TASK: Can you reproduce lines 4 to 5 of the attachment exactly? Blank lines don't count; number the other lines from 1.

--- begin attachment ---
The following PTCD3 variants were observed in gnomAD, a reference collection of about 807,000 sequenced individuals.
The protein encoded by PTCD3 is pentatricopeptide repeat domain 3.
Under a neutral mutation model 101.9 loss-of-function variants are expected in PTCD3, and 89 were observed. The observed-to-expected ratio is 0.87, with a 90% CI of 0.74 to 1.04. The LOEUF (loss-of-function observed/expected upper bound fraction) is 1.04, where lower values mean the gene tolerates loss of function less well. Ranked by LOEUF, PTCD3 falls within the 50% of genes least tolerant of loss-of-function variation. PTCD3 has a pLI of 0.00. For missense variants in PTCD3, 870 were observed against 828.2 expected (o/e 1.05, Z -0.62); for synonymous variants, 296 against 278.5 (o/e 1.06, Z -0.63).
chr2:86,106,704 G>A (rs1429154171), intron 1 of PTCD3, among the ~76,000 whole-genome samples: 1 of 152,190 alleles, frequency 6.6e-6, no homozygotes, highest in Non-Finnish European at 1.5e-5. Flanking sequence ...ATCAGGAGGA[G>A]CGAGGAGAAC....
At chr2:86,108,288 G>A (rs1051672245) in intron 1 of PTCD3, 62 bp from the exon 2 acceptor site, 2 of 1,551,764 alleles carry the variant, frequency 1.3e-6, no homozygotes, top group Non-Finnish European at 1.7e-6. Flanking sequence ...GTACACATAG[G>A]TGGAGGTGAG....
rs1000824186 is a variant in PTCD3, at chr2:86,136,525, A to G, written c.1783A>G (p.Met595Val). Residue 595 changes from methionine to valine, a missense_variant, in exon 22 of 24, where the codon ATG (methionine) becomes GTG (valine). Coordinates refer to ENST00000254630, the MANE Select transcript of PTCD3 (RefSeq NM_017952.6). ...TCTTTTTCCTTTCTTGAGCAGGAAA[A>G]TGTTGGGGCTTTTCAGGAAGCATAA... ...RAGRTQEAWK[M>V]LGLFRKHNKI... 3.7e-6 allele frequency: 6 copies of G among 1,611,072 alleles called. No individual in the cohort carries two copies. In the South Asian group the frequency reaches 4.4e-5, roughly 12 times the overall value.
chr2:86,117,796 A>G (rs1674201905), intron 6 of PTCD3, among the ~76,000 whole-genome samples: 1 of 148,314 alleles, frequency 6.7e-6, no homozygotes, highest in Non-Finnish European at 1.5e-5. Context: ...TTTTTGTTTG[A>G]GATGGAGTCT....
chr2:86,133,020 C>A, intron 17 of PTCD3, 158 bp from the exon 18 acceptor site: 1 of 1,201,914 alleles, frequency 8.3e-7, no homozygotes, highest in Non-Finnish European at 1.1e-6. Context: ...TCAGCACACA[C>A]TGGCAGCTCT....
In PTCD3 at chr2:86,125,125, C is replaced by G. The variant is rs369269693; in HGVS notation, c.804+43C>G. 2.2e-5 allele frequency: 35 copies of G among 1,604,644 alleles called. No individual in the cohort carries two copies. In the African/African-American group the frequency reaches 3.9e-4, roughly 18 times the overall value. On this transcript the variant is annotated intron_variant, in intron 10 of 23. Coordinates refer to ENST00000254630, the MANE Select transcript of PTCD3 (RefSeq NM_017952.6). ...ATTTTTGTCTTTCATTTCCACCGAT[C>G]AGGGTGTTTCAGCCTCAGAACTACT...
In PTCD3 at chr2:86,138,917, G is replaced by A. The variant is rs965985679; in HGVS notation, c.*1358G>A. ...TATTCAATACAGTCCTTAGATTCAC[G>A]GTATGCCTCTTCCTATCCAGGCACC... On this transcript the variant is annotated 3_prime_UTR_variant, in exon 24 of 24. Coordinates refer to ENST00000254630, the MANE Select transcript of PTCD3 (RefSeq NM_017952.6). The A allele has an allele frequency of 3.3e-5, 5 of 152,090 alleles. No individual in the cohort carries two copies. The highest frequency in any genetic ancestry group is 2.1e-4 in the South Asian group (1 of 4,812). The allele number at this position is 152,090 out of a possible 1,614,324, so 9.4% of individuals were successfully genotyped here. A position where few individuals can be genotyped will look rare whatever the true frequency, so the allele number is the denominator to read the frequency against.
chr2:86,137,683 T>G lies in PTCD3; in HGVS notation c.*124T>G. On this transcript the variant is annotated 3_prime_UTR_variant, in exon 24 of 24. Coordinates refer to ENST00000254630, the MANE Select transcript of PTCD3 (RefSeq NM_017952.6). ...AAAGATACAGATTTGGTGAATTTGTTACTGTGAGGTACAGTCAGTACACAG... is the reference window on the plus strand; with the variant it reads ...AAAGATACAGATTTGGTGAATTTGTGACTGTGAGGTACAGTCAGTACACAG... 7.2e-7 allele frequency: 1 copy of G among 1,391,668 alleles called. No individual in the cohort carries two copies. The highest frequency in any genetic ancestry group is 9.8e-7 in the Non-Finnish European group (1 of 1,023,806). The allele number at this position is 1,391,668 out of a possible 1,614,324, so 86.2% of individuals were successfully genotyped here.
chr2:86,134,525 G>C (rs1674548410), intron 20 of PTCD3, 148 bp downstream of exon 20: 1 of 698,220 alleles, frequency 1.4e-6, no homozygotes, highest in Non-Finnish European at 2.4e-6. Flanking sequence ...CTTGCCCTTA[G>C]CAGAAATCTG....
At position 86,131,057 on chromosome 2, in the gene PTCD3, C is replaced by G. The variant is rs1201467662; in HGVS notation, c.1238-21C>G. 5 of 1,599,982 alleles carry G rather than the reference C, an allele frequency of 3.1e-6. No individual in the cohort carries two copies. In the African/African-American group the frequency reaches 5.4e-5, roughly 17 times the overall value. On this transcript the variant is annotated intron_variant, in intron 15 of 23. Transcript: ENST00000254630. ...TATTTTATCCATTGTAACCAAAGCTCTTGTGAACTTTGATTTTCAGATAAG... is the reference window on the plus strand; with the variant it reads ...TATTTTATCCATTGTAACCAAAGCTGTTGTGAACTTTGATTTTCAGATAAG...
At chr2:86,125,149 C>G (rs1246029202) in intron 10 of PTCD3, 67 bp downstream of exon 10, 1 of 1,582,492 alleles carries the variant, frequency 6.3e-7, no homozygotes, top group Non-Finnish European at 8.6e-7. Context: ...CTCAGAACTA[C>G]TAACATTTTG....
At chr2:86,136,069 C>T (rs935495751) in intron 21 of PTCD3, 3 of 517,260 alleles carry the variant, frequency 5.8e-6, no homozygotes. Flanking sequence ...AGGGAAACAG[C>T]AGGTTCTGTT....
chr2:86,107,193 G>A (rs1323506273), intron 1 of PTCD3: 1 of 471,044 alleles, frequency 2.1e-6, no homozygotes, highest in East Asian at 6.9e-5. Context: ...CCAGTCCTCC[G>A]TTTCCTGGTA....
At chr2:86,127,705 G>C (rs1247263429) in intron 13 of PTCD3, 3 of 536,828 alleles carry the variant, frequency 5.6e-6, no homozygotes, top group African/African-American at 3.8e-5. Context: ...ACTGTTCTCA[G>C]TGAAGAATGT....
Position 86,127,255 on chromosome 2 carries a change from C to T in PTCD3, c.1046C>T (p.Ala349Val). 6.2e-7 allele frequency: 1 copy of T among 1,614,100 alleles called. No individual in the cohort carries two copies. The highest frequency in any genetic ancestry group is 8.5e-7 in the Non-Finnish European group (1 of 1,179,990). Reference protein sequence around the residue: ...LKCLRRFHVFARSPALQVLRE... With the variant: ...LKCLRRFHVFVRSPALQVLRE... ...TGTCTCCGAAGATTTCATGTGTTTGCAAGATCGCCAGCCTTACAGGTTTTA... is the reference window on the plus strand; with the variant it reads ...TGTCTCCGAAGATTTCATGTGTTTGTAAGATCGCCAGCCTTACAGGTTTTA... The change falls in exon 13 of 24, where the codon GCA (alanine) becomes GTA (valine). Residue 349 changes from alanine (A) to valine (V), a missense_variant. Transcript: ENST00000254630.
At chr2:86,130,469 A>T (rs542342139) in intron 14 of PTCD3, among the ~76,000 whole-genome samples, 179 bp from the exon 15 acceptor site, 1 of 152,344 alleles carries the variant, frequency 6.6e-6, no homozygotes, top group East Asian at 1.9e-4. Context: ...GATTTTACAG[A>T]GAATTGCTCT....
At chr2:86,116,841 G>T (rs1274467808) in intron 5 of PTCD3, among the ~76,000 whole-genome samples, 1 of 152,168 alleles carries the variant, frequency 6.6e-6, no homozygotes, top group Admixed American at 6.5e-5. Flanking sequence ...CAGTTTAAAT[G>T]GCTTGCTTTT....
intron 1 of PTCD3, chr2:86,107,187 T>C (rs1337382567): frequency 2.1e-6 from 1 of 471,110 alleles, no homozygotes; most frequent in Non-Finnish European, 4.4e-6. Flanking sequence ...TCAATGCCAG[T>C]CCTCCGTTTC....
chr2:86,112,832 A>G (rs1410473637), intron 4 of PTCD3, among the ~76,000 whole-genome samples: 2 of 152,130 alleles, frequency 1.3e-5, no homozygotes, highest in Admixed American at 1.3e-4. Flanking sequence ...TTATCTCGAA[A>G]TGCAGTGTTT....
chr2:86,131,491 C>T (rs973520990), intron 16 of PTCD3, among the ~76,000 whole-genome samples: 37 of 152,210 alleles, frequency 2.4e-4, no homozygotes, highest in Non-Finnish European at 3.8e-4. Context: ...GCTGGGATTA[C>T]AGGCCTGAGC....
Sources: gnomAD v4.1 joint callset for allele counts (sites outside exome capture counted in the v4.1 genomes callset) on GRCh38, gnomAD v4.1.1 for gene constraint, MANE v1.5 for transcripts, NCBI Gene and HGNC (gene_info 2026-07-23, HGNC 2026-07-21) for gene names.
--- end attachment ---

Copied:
chr2:86,106,704 G>A (rs1429154171), intron 1 of PTCD3, among the ~76,000 whole-genome samples: 1 of 152,190 alleles, frequency 6.6e-6, no homozygotes, highest in Non-Finnish European at 1.5e-5. Flanking sequence ...ATCAGGAGGA[G>A]CGAGGAGAAC....
At chr2:86,108,288 G>A (rs1051672245) in intron 1 of PTCD3, 62 bp from the exon 2 acceptor site, 2 of 1,551,764 alleles carry the variant, frequency 1.3e-6, no homozygotes, top group Non-Finnish European at 1.7e-6. Flanking sequence ...GTACACATAG[G>A]TGGAGGTGAG....